“We’ve got our own Cliff, Norman, and all the rest of them. They walk through the door, there’s somebody who’s responsible for the business, who’s happy to greet them. These things matter.”
Everything the bar offers is out in the open. There are no closed doors, no VIP rooms, “so they’re not doing sexual favors or anything,” Bjurstorm says.
He pays security. Anyone who raises a hand to a dancer gets 86’d. Dancers keep 100 percent of their tips, and he makes money on liquor sales.
“We don’t want their money,” Bjurstorm says. “We’re a little operation, and over the years we’ve developed so that our sales fulfill our needs.”
His only hope is that when the city crafts new rules, he’s allowed to run BJ’s the same way he always has.
After the city’s inspections in March captured a snapshot of what was left over from the nightly revelry, dancers answered the U’s call for information with apprehension. They looked over their shoulders as they sat down at coffee shops with researchers, nervous about running into others from work. They seemed to fear that opening up about their jobs would prompt the inevitable finger of morality to come wagging back at them. They would be blamed for the stains, the harassment, the violence.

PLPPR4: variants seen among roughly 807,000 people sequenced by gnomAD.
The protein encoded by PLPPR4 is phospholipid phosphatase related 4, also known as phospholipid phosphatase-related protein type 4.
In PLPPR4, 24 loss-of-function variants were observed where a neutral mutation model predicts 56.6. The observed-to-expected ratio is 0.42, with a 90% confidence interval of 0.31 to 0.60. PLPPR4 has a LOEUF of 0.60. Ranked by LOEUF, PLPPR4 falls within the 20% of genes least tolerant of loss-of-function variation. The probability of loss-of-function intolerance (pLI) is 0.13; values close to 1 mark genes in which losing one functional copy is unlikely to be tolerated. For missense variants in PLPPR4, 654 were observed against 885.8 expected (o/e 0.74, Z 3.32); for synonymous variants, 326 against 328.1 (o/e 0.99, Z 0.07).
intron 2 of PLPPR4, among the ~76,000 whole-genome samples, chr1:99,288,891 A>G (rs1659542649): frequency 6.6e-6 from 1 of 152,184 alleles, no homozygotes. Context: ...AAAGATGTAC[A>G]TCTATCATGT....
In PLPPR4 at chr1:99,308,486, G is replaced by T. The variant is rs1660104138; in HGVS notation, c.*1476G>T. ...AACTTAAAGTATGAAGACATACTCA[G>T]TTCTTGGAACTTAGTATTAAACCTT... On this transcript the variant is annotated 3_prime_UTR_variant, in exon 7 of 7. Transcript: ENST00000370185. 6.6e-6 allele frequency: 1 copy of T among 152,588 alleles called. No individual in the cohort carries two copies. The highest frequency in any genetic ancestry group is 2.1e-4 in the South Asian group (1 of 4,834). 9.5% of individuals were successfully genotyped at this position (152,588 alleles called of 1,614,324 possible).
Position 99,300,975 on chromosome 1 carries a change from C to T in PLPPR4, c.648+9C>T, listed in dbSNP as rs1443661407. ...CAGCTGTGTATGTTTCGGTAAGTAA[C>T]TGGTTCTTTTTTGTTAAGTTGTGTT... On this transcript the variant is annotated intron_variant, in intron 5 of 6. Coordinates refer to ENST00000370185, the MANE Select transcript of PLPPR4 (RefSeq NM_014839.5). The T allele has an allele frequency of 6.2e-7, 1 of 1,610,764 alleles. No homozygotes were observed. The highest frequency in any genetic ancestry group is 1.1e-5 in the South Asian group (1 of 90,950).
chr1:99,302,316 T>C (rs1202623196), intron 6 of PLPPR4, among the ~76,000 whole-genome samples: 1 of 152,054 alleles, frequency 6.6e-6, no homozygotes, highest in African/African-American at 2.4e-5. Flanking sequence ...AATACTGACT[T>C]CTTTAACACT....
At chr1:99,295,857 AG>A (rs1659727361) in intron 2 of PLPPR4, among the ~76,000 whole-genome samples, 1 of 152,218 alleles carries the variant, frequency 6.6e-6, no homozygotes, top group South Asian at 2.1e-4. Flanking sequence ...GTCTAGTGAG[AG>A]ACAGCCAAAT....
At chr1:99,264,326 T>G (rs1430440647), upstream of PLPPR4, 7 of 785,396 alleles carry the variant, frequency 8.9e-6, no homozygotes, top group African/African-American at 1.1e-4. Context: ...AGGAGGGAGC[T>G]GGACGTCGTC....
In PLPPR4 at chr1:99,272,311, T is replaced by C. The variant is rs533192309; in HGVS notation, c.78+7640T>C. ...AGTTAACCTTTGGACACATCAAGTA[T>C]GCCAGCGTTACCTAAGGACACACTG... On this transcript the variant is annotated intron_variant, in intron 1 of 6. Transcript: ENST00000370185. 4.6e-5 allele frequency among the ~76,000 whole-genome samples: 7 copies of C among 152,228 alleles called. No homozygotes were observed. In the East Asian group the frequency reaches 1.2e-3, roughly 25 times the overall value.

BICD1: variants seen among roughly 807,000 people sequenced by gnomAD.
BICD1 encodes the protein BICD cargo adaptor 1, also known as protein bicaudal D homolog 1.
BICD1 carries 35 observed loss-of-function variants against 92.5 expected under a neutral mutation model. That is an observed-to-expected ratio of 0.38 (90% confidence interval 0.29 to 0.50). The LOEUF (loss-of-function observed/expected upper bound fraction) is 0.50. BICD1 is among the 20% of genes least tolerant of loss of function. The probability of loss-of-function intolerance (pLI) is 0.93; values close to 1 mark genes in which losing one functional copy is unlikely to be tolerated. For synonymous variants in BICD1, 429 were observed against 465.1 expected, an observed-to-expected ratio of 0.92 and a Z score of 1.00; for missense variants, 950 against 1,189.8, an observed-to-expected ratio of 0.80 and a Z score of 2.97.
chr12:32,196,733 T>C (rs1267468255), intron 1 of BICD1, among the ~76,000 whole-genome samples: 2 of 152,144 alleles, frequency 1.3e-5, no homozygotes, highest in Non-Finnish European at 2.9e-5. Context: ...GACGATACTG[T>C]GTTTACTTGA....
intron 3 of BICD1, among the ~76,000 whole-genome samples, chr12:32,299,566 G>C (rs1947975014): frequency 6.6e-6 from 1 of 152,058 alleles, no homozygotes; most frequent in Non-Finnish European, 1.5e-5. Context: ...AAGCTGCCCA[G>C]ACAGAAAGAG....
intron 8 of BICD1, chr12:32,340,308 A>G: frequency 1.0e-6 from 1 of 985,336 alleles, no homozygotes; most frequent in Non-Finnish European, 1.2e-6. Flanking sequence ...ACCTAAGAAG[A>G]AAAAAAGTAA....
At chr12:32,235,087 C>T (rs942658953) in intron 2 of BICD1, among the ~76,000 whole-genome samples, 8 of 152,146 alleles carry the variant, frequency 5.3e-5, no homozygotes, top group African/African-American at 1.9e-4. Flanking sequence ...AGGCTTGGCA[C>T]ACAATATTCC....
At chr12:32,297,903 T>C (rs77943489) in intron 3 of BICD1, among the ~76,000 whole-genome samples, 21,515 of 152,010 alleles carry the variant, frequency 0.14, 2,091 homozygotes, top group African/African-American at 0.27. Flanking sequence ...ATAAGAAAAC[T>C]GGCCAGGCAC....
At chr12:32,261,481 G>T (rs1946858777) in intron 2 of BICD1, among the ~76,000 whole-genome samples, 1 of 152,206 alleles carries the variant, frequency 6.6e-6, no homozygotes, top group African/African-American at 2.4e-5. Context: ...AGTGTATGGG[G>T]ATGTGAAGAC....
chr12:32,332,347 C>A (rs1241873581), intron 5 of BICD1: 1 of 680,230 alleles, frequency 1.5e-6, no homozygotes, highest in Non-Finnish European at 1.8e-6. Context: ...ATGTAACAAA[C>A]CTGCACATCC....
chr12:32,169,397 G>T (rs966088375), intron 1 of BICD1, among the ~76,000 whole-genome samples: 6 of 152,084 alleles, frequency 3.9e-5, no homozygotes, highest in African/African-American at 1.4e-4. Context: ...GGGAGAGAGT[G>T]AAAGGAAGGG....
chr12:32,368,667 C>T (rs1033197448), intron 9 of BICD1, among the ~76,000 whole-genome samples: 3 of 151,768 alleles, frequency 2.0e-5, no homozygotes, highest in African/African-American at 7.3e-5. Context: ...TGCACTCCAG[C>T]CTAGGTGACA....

But the tension would lift when they were asked to imagine how things could be different.
“I felt like that’s where the interview would really lighten, because people do like a lot of aspects of their jobs, and they can envision that if things could be more worker-purposed, how that could create a better workplace,” says researcher Natalie Taber.